I first heard "Cheers Darlin'" as the accompaniment to a modern dance performance in Shanghai. On a bare, red-lit stage, a nearly nude couple somersaulted over each other so slowly that I could see the ripple and strain of each muscle. While the two bodies incessantly met and left each other, back and forth across the stage, the song looped over and over until I could hardly stand to hear it again. The spectacle was brutal and intensely romantic. In the song, Damien Rice's anguished crooning is accompanied by sarcastic snarls and a world-weary lilt. The lyrics are repetitive and allusive, veering between adoration and revulsion, confession and retraction: "Cheers darlin'/ Here's to you and your lover boy/ Cheers darlin'/ I got years to wait around for you/ Cheers darlin'/ I've got your wedding bells in my ear/ Cheers darlin'/ You gave me three cigarettes to smoke my tears away/ And I die when you mention his name…/ What am I darlin'?/ A whisper in your ear?/ A piece of your cake?/ What am I?"
Kay: "Gravity" – Vienna Teng
Kay is Irene's middle daughter, a headstrong activist living in Beijing when her mother conceives of the tour. She has been struggling all year "to trace her heritage in a place where history was being razed, paved over, replaced with steel, glass, and neon," and now she learns, for the first time, that her own grandmother was a revolutionary and leader of the Chinese feminist movement until the civil war turned their family to exiles.
Listening to "Gravity," Kay would hear something of an Asian American identity in Vienna Teng's unadorned voice, her subtle and layered piano playing, and particularly in her lyrics: "So don't turn away now/ I am turning in revolution/ These are the scars that silence carved on me…/ This is the same place/ No, not the same place/ This is the same place, love/ No, not the same place we've been before."
Sophie: "Electric Relaxation" – A Tribe Called Quest
Sophie, the youngest daughter, is trapped at home until college, striving to be named valedictorian, and hiding a burgeoning eating disorder. When she learns about the tour, she cuts class with her African American boyfriend, an aspiring rapper who represents to her a new world of dramatic adversity and raw sexuality, a world completely apart from that of her family and their ancestral ties to China.
This song is as witty and ambitious as any of A Tribe Called Quest's tracks, and it is one of their sexiest. "Honey check it out, you got me mesmerized/ With your black hair and your fat-ass thighs…" These lines give Sophie a thrill, even as she can't help feeling that it's a thrill for which the rest of the women in her family seem to have no use, even as she wonders if she herself has a right to it.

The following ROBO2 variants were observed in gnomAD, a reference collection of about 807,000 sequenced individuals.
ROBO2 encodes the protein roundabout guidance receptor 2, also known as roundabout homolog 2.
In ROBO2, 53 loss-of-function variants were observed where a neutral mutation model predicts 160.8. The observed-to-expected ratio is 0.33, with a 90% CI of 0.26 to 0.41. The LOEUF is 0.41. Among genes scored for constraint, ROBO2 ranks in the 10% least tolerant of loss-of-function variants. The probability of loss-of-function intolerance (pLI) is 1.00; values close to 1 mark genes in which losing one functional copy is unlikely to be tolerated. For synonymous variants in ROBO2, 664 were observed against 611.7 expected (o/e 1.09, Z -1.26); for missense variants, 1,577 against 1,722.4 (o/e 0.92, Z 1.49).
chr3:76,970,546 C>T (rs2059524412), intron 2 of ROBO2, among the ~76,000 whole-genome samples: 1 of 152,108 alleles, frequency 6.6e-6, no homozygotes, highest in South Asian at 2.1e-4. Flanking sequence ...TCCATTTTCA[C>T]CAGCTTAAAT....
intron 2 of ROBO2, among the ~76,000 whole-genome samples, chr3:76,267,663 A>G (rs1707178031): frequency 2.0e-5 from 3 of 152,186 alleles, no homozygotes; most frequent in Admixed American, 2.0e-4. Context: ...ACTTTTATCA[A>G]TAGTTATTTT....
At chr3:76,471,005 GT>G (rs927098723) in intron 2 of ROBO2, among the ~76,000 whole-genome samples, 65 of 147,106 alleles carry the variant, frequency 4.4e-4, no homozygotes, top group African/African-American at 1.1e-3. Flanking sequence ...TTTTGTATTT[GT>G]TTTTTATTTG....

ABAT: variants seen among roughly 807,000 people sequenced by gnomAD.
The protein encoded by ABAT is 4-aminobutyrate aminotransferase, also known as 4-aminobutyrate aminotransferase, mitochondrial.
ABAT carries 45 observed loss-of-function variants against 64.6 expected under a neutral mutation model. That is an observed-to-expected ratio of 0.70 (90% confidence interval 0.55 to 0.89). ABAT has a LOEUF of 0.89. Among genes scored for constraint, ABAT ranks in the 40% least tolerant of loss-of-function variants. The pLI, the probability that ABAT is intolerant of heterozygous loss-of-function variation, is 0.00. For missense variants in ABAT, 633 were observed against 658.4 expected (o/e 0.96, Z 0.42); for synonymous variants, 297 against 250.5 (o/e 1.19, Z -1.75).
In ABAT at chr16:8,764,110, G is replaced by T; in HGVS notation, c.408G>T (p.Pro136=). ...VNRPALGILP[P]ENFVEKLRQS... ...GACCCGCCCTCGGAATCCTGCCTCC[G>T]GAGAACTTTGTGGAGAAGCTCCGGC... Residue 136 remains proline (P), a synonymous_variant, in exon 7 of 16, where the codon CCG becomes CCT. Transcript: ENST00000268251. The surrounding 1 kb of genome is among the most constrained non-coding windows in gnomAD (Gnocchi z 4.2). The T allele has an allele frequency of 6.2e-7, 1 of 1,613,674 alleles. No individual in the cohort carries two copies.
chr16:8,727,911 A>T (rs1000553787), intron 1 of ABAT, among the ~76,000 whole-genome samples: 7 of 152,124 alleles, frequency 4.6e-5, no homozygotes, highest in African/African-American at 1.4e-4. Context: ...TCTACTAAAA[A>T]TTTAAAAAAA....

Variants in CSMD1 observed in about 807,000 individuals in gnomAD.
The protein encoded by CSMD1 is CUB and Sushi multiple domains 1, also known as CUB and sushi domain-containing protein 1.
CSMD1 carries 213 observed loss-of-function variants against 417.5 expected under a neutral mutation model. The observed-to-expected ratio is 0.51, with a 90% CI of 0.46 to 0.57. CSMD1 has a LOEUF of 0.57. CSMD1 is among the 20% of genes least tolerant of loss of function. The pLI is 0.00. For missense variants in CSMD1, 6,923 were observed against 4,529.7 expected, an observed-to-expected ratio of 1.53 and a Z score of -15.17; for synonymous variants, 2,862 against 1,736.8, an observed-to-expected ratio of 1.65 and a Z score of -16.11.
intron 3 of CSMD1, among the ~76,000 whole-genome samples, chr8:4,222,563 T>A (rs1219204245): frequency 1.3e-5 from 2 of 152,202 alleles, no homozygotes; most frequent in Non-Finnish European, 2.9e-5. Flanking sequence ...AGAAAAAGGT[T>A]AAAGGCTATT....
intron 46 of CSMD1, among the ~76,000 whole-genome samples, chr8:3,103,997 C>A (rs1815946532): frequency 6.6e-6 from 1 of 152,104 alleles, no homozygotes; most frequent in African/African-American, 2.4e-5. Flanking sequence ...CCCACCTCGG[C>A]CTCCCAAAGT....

Susan: "2046 Main Theme" – Shigeru Umebayashi
Susan, Irene's sister, is a poet who married in her late forties and has since led a comfortable existence in Hong Kong—though she hasn't written a new poem in years. When Irene invites her on the tour, she complies, then falls into labyrinthine memories of a tumultuous childhood in Taiwan and China, the explosive and unexplained strife between her parents, her old life of drifting from one college town in America to the next, and a cataclysmic love affair a decade ago, during which "her poems flourished, cool and spare, with sudden, luminous blooms."
This piece is the theme music to the film 2046 by the Hong Kong director Wong Kar-wai. Like the film, it is disjointed and hypnotic. Opulent violins are interspersed with the sound of rushing trains, ominous percussions, and scraps of urgent Cantonese and officious English. All this speaks to the state into which Susan slips further and further as the tour takes her southward: haunted, reckless, and ready to upend her life, even as she appears to be, to her nieces, only their middle-aged aunt.
Lin Yulan: (Silence)
I tried intermittently to find a song for Lin Yulan, Irene's formidable 80-year-old mother, but she defied accompaniment. Though her voice was the one I feared I might never capture, it often came through the loudest. She is an uncompromising woman, one who devoted her early life to the causes of Chinese feminism and nationalism, who left her husband in Taiwan twenty years ago and never spoke to him again, who has no patience for nostalgia or tradition. Though her revolutionary days are long over, she lives in a place beyond music, beyond joy or diversion, and it is only during this tour with her daughters and granddaughters that she begins to sense what she might have missed.
Deanna Fei and A Thread of Sky links:
also at Largehearted Boy:
other Book Notes playlists (authors create music playlists for their book)
52 Books, 52 Weeks (weekly book reviews)
Antiheroines (interviews with up and coming female comics artists)
Atomic Books Comics Preview (weekly highlights of comics & graphic novels)
Daily Downloads (free and legal daily mp3 downloads)
guest book reviews
Largehearted Word (weekly highlights of new books)
Note Books (musicians discuss literature)
Soundtracked (composers and directors discuss their film's soundtracks)
Try It Before You Buy It (mp3s and full album streams from this week's CD releases)
weekly music & DVD release lists